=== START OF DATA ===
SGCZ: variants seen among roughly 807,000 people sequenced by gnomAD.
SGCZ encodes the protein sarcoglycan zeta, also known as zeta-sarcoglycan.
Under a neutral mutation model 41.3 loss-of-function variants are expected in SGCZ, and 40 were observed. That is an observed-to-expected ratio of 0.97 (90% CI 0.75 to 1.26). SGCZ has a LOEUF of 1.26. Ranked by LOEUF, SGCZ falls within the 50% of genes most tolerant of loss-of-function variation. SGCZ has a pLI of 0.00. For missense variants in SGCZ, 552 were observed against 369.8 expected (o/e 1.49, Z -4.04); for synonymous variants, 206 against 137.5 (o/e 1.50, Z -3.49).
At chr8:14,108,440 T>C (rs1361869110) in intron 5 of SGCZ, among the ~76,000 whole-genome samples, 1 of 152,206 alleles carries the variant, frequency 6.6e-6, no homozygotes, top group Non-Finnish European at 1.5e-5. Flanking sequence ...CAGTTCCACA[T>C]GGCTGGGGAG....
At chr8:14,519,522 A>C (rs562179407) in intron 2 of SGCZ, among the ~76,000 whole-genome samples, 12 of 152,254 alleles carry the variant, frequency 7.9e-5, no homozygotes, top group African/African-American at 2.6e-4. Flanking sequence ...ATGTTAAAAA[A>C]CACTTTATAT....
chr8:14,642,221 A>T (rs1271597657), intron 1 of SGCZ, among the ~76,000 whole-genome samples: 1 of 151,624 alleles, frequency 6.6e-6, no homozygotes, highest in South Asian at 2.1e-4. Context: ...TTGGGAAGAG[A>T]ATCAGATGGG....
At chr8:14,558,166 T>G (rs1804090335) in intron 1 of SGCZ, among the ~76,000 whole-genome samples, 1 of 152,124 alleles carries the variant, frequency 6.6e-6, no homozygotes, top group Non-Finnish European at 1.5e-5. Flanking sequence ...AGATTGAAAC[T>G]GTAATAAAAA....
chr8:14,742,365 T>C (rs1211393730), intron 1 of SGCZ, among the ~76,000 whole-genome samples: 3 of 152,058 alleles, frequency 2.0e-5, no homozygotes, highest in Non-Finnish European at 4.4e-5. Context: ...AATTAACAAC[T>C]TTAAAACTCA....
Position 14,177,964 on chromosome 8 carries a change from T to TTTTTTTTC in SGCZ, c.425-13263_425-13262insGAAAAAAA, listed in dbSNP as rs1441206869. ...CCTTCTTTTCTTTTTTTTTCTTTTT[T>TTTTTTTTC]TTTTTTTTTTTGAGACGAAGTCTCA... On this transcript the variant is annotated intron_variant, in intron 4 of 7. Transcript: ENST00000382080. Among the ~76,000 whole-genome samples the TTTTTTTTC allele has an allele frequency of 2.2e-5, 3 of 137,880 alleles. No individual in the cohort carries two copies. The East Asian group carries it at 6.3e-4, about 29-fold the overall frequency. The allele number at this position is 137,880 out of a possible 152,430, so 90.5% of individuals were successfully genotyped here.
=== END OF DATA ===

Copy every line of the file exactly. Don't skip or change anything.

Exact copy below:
SGCZ: variants seen among roughly 807,000 people sequenced by gnomAD.
SGCZ encodes the protein sarcoglycan zeta, also known as zeta-sarcoglycan.
Under a neutral mutation model 41.3 loss-of-function variants are expected in SGCZ, and 40 were observed. That is an observed-to-expected ratio of 0.97 (90% CI 0.75 to 1.26). SGCZ has a LOEUF of 1.26. Ranked by LOEUF, SGCZ falls within the 50% of genes most tolerant of loss-of-function variation. SGCZ has a pLI of 0.00. For missense variants in SGCZ, 552 were observed against 369.8 expected (o/e 1.49, Z -4.04); for synonymous variants, 206 against 137.5 (o/e 1.50, Z -3.49).
At chr8:14,108,440 T>C (rs1361869110) in intron 5 of SGCZ, among the ~76,000 whole-genome samples, 1 of 152,206 alleles carries the variant, frequency 6.6e-6, no homozygotes, top group Non-Finnish European at 1.5e-5. Flanking sequence ...CAGTTCCACA[T>C]GGCTGGGGAG....
At chr8:14,519,522 A>C (rs562179407) in intron 2 of SGCZ, among the ~76,000 whole-genome samples, 12 of 152,254 alleles carry the variant, frequency 7.9e-5, no homozygotes, top group African/African-American at 2.6e-4. Flanking sequence ...ATGTTAAAAA[A>C]CACTTTATAT....
chr8:14,642,221 A>T (rs1271597657), intron 1 of SGCZ, among the ~76,000 whole-genome samples: 1 of 151,624 alleles, frequency 6.6e-6, no homozygotes, highest in South Asian at 2.1e-4. Context: ...TTGGGAAGAG[A>T]ATCAGATGGG....
At chr8:14,558,166 T>G (rs1804090335) in intron 1 of SGCZ, among the ~76,000 whole-genome samples, 1 of 152,124 alleles carries the variant, frequency 6.6e-6, no homozygotes, top group Non-Finnish European at 1.5e-5. Flanking sequence ...AGATTGAAAC[T>G]GTAATAAAAA....
chr8:14,742,365 T>C (rs1211393730), intron 1 of SGCZ, among the ~76,000 whole-genome samples: 3 of 152,058 alleles, frequency 2.0e-5, no homozygotes, highest in Non-Finnish European at 4.4e-5. Context: ...AATTAACAAC[T>C]TTAAAACTCA....
Position 14,177,964 on chromosome 8 carries a change from T to TTTTTTTTC in SGCZ, c.425-13263_425-13262insGAAAAAAA, listed in dbSNP as rs1441206869. ...CCTTCTTTTCTTTTTTTTTCTTTTT[T>TTTTTTTTC]TTTTTTTTTTTGAGACGAAGTCTCA... On this transcript the variant is annotated intron_variant, in intron 4 of 7. Transcript: ENST00000382080. Among the ~76,000 whole-genome samples the TTTTTTTTC allele has an allele frequency of 2.2e-5, 3 of 137,880 alleles. No individual in the cohort carries two copies. The East Asian group carries it at 6.3e-4, about 29-fold the overall frequency. The allele number at this position is 137,880 out of a possible 152,430, so 90.5% of individuals were successfully genotyped here.